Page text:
The Client’s lips parted in a genuine smile, showing his filed teeth. “I’ll take it.”

“You will?” I asked.

His attention returned to the children. “Oh yes. I will.”


Not sure why this one turned so dark! The dice gave me innocent enough things to work with…

Genre – Fixer-Upper Show

Random Item – Bouncy Ball

Setting – Hotel Swimming Pool

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The Monster Under the Bed is just Trying to Help!


Day 1

This place is dusty and dark, just as I prefer, and I thank the owners for their courtesy. I have settled into my accustomed spot under the bed, and will take the next few nights to get to know the temperament of this child.

Day 4

The child, Jaxon, is as most children of this age—addicted to video games and easily bored. I have discovered a boogeyman lurking in the closet, which explains the reason for the accursed night light which restricts my access to half of the bed. So I lurk in the shadows. I do not know why Jaxon was crying before he went to sleep. Perhaps he can sense the boogeyman.

Day 6

I have decided to designate the boogeyman Frank. He is clever, using the shadows cast by the duo of night lights to creep toward Jaxon’s bed. He was surprised when he met me, and limped away to recover from the lashing I gave him.

Day 10

Jaxon sat huddled in the center of his bed all night. Frank slipped around the edges of the light, hoping to gain access to the child, but I once again kept him at bay. After an hour of circling, he slunk back into the closet. I have sent my first report back to headquarters, and I await instructions.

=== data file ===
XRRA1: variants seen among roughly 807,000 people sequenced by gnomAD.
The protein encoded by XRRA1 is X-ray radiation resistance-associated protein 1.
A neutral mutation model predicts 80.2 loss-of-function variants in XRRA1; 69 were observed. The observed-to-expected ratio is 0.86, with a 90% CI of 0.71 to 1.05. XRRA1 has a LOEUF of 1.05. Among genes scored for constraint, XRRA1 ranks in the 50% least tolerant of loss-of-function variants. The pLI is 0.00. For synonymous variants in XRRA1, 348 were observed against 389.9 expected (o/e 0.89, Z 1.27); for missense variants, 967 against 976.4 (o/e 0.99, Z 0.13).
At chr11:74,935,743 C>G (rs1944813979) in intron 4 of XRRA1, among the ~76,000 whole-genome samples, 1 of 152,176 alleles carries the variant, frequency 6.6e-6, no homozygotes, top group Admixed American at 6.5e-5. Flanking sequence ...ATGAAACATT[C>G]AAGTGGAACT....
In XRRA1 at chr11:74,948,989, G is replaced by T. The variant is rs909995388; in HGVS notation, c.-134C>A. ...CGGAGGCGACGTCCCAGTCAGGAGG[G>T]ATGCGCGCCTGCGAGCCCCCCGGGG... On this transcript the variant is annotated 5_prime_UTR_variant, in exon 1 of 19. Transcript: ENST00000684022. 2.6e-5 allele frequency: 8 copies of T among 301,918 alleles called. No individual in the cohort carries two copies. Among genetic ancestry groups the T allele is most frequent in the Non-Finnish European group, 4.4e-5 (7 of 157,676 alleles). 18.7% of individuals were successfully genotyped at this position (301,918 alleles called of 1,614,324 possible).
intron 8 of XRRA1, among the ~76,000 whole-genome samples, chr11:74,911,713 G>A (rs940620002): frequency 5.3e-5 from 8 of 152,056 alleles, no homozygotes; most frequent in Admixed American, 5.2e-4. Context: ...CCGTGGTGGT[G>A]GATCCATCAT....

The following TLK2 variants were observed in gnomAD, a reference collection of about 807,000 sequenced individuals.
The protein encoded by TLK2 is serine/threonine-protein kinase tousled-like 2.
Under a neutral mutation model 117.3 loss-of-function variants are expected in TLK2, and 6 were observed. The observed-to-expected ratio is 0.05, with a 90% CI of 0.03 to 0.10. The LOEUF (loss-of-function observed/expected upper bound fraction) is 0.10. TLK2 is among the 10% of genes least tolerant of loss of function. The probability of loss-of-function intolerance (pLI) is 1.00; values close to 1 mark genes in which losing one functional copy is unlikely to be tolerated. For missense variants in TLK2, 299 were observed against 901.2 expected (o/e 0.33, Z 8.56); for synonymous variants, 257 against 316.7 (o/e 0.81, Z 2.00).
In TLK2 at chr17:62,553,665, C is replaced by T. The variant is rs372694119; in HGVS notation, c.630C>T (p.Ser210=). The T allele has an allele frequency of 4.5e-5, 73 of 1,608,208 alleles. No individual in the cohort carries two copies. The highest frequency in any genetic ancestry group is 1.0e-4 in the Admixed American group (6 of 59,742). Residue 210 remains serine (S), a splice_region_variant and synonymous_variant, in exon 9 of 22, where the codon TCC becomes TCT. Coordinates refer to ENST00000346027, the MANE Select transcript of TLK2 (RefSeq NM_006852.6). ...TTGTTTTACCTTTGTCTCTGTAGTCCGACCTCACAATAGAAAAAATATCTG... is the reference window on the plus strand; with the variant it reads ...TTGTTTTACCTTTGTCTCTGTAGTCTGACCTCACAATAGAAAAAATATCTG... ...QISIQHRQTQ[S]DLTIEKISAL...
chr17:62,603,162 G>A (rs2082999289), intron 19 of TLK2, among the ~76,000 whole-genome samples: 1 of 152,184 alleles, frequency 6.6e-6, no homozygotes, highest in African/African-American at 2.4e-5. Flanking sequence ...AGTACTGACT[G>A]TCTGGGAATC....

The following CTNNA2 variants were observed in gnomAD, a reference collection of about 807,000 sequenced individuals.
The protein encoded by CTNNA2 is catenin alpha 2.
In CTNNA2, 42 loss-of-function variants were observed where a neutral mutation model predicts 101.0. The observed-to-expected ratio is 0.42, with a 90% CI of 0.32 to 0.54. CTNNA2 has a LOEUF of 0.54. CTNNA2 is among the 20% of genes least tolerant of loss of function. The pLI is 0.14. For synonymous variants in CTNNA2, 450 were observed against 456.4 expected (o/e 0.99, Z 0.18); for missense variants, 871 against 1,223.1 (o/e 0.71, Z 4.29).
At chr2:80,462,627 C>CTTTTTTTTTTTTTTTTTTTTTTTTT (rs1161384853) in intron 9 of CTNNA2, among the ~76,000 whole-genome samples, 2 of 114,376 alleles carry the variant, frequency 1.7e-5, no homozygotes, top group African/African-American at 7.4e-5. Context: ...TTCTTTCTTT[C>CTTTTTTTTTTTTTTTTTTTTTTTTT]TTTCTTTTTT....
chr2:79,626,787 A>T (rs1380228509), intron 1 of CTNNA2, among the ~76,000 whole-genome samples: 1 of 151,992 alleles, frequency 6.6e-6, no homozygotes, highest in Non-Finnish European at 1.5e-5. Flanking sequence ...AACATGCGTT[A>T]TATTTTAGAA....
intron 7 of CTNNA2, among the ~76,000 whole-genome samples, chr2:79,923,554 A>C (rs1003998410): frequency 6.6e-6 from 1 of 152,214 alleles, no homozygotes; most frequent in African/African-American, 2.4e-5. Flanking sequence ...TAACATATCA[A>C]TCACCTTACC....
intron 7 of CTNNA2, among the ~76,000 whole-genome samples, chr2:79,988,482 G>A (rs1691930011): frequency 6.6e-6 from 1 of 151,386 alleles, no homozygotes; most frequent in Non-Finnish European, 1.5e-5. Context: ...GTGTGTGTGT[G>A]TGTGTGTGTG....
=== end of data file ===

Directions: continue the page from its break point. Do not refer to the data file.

Day 18

Jaxon spent a week sleeping in his parents room. Probably wise, since his fear was giving Frank power. Now that Frank’s reserves are depleted, Jaxon is safe to return.

Day 19

I am beginning to question my assignment here. The parents are telling Jaxon that there is no such thing as monsters. Do they not remember the boogeyman in their own closets? Has the passage of time dulled their senses? My report will reflect this. I have often held the opinion that the ignorant do not deserve my protection.

Day 31

It has been some time since Frank has made an attempt to get to Jaxon. As I feared, he was hoarding his power for a greater assault than his previous attempts. He waited until Jaxon was back to one night light before he attacked. I almost didn’t notice the corner of the blanket touching the floor until it was too late. I  quickly yanked the blanket off the other side of the bed. The light burned me, and I will need time to recover, but Jaxon is safe.

Day 32

Jaxon’s father searched the room thoroughly. I can only wonder at the man’s meaningless gestures. He should know that adults can no longer see our kind without wearing a bracelet of copper and brass. But the man has perhaps gone mad, because after his search he proclaimed the room completely monster free. Why would he lie to his child?

Day 44

Frank attempted to get to Jaxon twice more, and I have repelled him both times. If they would turn off the blasted light I would be able to surround Jaxon’s bed and Frank would not be able to get through. As it is, I have had to use every wile I posses to keep the resourceful boogeyman at bay.

Day 50